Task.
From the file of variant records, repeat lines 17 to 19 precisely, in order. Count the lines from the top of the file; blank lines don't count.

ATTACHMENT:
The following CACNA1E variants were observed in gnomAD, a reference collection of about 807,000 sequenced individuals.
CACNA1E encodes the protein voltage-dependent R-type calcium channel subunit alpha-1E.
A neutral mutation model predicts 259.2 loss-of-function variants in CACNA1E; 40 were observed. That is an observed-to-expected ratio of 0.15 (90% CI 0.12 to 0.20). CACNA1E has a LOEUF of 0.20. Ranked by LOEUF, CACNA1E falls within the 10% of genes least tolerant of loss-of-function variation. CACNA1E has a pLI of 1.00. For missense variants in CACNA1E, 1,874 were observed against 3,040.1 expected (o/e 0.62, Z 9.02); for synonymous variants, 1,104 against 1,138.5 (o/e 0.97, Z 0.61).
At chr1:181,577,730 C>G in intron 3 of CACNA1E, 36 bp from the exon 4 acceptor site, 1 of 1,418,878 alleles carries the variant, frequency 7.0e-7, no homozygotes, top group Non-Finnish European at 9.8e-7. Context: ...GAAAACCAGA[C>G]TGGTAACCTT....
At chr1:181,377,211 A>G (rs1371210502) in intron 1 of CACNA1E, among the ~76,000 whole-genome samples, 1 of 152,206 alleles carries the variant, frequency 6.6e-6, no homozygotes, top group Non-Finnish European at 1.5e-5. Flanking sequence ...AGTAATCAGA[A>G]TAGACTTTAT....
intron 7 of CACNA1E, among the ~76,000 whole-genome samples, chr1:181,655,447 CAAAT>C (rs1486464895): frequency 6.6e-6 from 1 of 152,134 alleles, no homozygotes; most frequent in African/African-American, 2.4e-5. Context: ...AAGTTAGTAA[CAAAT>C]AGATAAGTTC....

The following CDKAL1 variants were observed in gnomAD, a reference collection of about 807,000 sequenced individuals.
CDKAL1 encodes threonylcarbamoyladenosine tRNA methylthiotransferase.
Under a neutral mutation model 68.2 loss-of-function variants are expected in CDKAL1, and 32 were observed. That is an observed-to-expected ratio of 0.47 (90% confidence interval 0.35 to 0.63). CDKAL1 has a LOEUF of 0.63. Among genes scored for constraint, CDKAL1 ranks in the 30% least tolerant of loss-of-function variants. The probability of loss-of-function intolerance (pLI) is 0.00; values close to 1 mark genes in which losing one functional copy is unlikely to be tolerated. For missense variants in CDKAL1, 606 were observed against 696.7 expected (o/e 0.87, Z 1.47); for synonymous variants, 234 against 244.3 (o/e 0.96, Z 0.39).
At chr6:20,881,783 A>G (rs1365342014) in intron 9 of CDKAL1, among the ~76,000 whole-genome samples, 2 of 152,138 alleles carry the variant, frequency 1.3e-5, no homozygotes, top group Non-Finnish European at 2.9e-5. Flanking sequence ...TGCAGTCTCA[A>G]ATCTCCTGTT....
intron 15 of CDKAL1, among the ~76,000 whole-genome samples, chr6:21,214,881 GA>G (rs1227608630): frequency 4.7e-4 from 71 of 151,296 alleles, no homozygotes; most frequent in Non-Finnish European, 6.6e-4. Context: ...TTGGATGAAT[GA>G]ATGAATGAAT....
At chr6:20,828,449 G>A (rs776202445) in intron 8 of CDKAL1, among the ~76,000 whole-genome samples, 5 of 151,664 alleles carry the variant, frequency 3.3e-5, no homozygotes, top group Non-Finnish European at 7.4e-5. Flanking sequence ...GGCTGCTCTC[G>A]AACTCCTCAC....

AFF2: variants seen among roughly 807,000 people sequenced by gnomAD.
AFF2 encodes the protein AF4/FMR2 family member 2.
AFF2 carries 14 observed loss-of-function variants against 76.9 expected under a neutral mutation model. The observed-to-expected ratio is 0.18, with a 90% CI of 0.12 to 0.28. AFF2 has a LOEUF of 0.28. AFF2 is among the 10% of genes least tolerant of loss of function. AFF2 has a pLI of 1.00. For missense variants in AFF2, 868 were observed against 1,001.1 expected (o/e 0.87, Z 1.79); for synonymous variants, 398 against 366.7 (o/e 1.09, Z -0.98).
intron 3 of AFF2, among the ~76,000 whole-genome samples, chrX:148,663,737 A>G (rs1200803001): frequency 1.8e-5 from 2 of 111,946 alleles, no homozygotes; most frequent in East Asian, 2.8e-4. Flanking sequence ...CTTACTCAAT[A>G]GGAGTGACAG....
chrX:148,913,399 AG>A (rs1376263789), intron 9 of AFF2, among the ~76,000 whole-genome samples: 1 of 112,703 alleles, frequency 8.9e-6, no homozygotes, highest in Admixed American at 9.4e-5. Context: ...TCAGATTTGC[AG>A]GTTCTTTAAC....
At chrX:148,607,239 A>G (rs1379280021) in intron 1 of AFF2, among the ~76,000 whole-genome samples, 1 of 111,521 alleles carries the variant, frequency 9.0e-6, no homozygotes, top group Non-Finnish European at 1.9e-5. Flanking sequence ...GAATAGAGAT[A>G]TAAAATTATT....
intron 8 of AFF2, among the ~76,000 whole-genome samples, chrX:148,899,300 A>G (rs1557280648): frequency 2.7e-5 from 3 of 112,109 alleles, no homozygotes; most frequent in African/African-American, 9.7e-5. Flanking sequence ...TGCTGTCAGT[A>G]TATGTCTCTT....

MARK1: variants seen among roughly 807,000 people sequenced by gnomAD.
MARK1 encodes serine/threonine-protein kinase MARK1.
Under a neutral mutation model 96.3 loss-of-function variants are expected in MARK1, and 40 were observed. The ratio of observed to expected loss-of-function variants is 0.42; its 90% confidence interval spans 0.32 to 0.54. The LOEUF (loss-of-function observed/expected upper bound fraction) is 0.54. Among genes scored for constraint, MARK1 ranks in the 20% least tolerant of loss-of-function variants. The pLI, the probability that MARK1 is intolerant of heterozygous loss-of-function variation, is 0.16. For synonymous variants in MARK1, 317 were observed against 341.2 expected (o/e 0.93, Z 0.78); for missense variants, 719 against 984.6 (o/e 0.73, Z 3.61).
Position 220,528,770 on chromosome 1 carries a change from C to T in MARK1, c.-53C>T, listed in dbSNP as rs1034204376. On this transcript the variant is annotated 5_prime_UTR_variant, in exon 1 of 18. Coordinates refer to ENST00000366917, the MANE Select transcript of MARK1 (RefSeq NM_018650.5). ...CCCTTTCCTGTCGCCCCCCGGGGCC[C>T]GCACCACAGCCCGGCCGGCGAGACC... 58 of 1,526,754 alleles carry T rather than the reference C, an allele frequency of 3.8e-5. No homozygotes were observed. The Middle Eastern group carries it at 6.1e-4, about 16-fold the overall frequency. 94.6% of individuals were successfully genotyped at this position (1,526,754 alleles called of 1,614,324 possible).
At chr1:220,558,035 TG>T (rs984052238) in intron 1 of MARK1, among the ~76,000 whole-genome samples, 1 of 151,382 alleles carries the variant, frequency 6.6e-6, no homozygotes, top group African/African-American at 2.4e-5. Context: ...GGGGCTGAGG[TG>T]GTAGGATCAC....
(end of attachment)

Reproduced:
chrX:148,913,399 AG>A (rs1376263789), intron 9 of AFF2, among the ~76,000 whole-genome samples: 1 of 112,703 alleles, frequency 8.9e-6, no homozygotes, highest in Admixed American at 9.4e-5. Context: ...TCAGATTTGC[AG>A]GTTCTTTAAC....
At chrX:148,607,239 A>G (rs1379280021) in intron 1 of AFF2, among the ~76,000 whole-genome samples, 1 of 111,521 alleles carries the variant, frequency 9.0e-6, no homozygotes, top group Non-Finnish European at 1.9e-5. Flanking sequence ...GAATAGAGAT[A>G]TAAAATTATT....
intron 8 of AFF2, among the ~76,000 whole-genome samples, chrX:148,899,300 A>G (rs1557280648): frequency 2.7e-5 from 3 of 112,109 alleles, no homozygotes; most frequent in African/African-American, 9.7e-5. Flanking sequence ...TGCTGTCAGT[A>G]TATGTCTCTT....